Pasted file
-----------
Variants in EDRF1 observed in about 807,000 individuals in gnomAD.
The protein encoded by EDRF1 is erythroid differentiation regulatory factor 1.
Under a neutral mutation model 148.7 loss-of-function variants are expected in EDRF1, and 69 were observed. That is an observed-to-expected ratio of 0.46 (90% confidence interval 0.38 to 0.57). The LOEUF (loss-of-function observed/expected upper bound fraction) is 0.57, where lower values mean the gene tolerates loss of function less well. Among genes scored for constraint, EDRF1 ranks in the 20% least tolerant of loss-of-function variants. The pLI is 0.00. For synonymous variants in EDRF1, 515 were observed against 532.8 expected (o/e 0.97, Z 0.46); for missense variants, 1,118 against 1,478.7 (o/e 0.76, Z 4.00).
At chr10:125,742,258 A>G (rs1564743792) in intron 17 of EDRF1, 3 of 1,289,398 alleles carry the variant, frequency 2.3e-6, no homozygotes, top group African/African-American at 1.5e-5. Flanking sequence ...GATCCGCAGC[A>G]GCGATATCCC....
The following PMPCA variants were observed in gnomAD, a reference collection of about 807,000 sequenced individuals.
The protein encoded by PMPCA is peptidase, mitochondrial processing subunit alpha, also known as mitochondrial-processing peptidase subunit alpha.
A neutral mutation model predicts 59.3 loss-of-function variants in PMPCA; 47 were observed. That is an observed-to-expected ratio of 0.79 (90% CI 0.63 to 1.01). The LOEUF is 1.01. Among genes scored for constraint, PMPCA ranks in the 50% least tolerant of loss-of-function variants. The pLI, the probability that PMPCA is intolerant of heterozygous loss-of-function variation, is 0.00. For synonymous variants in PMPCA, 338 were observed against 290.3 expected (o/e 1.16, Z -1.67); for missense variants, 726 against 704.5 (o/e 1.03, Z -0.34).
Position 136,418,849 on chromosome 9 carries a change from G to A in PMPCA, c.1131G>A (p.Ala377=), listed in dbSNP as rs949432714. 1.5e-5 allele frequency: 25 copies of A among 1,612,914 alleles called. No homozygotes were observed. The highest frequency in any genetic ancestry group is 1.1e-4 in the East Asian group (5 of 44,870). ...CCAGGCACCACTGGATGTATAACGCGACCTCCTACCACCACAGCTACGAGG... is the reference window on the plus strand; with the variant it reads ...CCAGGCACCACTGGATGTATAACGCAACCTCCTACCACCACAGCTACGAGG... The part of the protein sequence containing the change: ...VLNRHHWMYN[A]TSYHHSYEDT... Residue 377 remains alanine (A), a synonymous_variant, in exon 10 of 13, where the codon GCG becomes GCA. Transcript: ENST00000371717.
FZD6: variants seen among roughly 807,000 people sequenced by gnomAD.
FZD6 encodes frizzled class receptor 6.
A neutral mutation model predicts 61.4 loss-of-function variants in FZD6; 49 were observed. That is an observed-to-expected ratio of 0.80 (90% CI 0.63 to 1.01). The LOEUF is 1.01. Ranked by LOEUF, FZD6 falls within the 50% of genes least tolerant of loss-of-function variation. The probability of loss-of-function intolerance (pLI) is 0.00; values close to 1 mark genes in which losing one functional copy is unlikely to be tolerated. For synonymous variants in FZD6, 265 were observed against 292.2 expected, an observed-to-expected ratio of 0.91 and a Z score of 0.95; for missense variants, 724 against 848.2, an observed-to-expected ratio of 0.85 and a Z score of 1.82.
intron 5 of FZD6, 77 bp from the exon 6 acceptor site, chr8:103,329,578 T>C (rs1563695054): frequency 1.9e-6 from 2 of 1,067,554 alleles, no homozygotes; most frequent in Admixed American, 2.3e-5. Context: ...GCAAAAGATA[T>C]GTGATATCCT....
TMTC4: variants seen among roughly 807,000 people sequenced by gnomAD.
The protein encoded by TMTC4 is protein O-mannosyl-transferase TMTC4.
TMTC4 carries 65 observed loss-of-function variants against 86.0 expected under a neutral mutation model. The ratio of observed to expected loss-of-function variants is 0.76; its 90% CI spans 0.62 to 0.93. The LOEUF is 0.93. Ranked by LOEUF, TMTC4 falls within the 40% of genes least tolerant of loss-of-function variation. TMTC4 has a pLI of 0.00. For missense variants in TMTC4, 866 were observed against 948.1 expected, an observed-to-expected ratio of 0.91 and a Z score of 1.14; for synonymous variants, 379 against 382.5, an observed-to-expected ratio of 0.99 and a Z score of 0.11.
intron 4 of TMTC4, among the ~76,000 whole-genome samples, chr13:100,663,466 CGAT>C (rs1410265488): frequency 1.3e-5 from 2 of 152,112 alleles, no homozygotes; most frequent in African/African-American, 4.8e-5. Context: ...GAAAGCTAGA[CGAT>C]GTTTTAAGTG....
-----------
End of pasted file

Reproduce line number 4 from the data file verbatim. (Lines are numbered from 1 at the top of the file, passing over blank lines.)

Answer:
At chr10:125,742,258 A>G (rs1564743792) in intron 17 of EDRF1, 3 of 1,289,398 alleles carry the variant, frequency 2.3e-6, no homozygotes, top group African/African-American at 1.5e-5. Flanking sequence ...GATCCGCAGC[A>G]GCGATATCCC....